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Verbs of senses:

  1. I see him work in the garden.
  2. I see him working in the garden.
  3. I see him be in the garden (wrong) => I see that he is in the garden.

Other verbs:

  1. I consider him to work in the garden. Wrong

  2. I consider him to be working in the garden.

  3. I consider him to be in the garden. Wrong

But: I consider him to be a promising writer. – correct Sentence 3 is clear – to be doesn’t allow to follow a general rule with verbs of senses. Do all other verbs allow to use such a construction when the Object Complement is expressed as a NP only, as in sentence 5?

Why 4 and 6 are wrong?

Thank you!

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    I'm not convinced #6 is "wrong". It just might imply a slightly contrived context (perhaps he's standing right on the boundary of my property, and although in my opinion he's "in the garden", someone else might say he's actually "in the street" outside my house). The "rule" here is that if you consider [someone] to be [something adverbial or adjectival] this must be a matter of opinion. As opposed to the normal I think he's here, where my assertion can only be true or false (it's not a "judgement / assessment" call). Oct 23, 2021 at 16:00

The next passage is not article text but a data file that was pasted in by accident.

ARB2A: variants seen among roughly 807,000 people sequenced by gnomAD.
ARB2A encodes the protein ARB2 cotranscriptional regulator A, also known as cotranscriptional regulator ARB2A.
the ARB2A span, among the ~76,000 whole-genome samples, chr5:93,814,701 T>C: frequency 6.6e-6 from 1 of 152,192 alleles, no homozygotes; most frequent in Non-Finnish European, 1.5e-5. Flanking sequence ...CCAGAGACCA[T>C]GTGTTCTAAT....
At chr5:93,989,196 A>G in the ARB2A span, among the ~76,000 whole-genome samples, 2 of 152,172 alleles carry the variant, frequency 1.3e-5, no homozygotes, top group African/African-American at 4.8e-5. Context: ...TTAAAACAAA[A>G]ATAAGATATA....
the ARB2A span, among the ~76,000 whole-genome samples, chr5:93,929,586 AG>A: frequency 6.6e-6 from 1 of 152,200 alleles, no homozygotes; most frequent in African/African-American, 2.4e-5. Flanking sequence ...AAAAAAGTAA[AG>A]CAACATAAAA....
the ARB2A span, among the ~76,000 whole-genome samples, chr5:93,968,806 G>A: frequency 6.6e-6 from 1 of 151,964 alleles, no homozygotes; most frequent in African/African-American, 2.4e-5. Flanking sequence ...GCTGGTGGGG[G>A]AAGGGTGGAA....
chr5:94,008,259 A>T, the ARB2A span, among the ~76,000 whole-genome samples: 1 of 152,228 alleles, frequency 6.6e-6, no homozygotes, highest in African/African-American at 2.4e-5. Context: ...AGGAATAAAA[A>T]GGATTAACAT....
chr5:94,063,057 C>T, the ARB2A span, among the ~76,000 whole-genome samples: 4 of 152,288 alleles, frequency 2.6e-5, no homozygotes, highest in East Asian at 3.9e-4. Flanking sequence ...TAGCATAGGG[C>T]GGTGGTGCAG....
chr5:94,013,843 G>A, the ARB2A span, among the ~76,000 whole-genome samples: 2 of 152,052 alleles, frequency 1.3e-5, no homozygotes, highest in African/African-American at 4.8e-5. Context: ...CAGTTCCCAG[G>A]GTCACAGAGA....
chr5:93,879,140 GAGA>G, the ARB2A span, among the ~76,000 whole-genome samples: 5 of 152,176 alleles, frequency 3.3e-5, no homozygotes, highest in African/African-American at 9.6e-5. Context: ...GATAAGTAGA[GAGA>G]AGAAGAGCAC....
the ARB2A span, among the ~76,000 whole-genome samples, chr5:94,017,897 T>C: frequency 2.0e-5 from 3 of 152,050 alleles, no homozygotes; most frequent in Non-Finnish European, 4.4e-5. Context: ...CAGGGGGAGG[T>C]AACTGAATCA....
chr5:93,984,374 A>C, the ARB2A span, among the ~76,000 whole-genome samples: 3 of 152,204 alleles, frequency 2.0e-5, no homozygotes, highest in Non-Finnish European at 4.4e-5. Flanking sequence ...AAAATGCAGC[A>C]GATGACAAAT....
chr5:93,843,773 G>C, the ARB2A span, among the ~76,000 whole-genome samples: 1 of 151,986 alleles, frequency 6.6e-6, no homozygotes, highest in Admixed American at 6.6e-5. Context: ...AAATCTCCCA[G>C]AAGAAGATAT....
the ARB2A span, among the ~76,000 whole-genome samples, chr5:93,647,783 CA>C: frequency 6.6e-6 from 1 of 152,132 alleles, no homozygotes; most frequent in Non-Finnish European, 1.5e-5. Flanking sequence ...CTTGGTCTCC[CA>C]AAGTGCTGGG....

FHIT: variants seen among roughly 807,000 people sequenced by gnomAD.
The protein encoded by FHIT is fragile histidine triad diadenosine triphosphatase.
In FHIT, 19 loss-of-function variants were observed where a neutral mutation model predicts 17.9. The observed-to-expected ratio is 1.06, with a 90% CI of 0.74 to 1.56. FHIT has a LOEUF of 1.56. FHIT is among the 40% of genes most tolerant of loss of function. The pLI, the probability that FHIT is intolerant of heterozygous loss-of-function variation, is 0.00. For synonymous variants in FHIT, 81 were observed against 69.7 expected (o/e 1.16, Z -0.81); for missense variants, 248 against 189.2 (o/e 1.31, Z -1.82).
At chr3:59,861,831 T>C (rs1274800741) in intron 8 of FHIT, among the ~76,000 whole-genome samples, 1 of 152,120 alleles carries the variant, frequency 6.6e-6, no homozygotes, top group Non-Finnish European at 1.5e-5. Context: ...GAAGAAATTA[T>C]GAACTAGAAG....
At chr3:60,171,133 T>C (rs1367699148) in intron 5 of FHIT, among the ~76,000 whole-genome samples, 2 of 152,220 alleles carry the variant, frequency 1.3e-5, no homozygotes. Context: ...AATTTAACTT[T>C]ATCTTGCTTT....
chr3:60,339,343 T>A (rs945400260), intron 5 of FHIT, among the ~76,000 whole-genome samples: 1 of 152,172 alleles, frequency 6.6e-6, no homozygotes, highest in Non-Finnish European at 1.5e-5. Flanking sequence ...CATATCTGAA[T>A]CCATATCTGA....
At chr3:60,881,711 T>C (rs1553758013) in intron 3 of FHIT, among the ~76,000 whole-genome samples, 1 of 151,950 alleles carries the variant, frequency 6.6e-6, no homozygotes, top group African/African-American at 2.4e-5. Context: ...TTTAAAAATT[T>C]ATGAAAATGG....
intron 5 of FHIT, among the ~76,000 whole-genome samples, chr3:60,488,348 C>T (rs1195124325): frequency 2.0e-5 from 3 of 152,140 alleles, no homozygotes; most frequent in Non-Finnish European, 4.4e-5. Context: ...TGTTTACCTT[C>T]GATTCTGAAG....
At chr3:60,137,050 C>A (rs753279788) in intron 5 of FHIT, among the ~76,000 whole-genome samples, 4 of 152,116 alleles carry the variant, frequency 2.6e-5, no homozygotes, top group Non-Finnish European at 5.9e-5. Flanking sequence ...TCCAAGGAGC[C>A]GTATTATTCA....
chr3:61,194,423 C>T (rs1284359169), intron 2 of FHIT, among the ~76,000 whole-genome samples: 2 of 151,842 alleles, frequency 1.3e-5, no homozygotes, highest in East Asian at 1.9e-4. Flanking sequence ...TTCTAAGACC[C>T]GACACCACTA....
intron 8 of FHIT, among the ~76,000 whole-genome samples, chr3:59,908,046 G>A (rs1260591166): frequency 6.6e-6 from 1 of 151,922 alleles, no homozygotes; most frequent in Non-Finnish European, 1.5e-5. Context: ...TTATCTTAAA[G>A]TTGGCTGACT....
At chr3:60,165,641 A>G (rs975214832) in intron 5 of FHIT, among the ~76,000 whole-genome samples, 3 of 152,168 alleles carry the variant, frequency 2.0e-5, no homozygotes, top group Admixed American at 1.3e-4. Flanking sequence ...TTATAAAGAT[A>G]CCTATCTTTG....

• ...so although it's perfectly okay to say I think the Sun is 93 million miles away from Earth, you can't naturally say I consider the Sun to be 93 million miles away from Earth. That's because even if I personally am unsure of the exact distance, at least I know that either the assertion is true or it isn't - there's simply no scope for anyone to think anything different. Oct 23, 2021 at 16:09
  • FumbleFingers, thank you a lot! Would it be right to use To be-Infinitive with verbs of NON-perception as in : Mary thought she was grown up. => mary thought herself to be a grown up.??? thank You!
    – IRINA
    Oct 23, 2021 at 16:44
  • I think you've got it. But see this... Oct 23, 2021 at 16:55
  • ...and this... Oct 23, 2021 at 16:55

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